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I am struggling with yeast again, doing "Milchbrötchen", basicalyl buns from a sweet yeast-dough.
My current process leaves me with "ok, but not great" results, and I am hoping for pointers on two things:
1) The crust is still a bit too hard, I am looking for a very soft crust. 2) The result tastes too yeasty.

Current process:

500 g of flour (German type 405)
50 g sugar
250 ml milk
one packet of instant yeast
70 g of margerine
a bit of salt.

I ready the yeast in some warm milk (should not be required for the yeast, but it DOES help a lot). I mix up flour, sugar, salt. I add the warm milk with the melted margerine. I knead it until I can make decent buns. I brush the buns with eggs. Let the buns rise until about doubled in size. Bake for 15 minutes at about 180°C.

Is there anything that will help me with my two issues?

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It’s too yeasty because you are putting too much yeast in. Yes, the majority of recipes states one 7g sachet per 500g, but that will give you a yeasty taste. It will also give you quite quick results.

As a first step, I suggest you consider a cold rise - reduce the yeast to 1-2% fresh (or about 3g of dry yeast), use cool instead of warm liquid and let the bulk rise (first rise) happen in the refrigerator or very cool room. Alternatively, let the dough “spring to life” on the counter for about an hour, shape your buns, brush with milk and put them in the fridge overnight. This will significantly reduce the yeast flavor.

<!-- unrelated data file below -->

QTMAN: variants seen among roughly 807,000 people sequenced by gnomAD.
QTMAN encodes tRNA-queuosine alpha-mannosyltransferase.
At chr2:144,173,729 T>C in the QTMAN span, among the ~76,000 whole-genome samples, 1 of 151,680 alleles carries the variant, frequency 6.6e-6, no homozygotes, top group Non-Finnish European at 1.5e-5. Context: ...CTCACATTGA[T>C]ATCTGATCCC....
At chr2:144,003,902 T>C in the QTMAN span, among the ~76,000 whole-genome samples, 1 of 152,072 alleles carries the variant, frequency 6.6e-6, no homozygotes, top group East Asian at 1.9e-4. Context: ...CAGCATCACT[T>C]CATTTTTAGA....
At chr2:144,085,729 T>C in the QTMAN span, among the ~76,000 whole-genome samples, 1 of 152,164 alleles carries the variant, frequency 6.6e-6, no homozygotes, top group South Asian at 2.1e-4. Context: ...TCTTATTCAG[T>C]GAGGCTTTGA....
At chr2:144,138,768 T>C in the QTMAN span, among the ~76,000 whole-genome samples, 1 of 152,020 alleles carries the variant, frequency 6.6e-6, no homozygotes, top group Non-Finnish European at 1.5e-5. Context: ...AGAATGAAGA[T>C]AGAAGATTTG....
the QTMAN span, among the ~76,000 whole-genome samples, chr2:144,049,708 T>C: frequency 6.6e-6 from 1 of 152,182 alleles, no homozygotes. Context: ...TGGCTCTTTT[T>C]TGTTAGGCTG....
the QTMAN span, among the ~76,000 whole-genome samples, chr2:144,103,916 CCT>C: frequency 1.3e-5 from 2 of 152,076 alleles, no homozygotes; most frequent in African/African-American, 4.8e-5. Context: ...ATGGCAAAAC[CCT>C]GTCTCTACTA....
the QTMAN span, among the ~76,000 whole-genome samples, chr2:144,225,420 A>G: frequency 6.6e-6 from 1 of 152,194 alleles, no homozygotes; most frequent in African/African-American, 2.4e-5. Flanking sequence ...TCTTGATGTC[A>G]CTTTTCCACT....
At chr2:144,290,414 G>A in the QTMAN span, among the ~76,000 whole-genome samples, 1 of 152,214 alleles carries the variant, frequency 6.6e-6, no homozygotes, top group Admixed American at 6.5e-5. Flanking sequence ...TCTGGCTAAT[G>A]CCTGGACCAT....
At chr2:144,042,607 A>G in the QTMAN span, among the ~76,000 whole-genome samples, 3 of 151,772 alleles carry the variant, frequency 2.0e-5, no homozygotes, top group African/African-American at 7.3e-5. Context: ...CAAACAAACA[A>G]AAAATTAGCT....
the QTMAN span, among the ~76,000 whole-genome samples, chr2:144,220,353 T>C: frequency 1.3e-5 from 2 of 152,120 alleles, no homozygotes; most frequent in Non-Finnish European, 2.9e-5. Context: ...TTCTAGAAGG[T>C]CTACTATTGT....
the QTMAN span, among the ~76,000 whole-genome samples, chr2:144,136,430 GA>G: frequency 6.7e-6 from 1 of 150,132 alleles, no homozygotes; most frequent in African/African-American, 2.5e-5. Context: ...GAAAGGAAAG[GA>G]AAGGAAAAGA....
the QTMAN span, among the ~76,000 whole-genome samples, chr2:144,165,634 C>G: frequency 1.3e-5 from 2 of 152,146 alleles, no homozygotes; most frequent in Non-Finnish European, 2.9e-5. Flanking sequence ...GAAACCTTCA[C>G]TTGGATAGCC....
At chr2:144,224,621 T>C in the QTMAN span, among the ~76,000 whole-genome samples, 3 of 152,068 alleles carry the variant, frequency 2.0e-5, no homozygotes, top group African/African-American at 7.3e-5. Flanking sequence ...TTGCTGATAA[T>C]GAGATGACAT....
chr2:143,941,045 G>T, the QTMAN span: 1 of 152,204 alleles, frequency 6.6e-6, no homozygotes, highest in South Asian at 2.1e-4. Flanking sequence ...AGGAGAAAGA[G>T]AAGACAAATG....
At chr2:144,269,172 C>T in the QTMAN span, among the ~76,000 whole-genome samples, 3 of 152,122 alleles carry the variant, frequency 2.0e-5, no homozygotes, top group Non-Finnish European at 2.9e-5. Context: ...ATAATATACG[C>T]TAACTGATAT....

For texture, 50% hydration is quite on the dry side. I would go up to at least 6o%, so 300 ml, maybe a bit more. Also, don’t melt the fat in the milk. Yes, many recipes suggest that, and it works. But kneading without fat first until the window pane stage and then incorporating the fat will give you a lighter texture, which will also help with the crust.

Don’t brush with egg, for a softer crust, try pure milk or an egg wash with milk in it. Bake with a generous amount of steam to keep the crust even softer.

And when you are ready to take your buns to the next level of fluffiness, consider a water roux (aka tangzhong or Mehlkochstück).

  • Thanks a lot! Will try that for my next batch :). – Layna Jan 21 at 16:01

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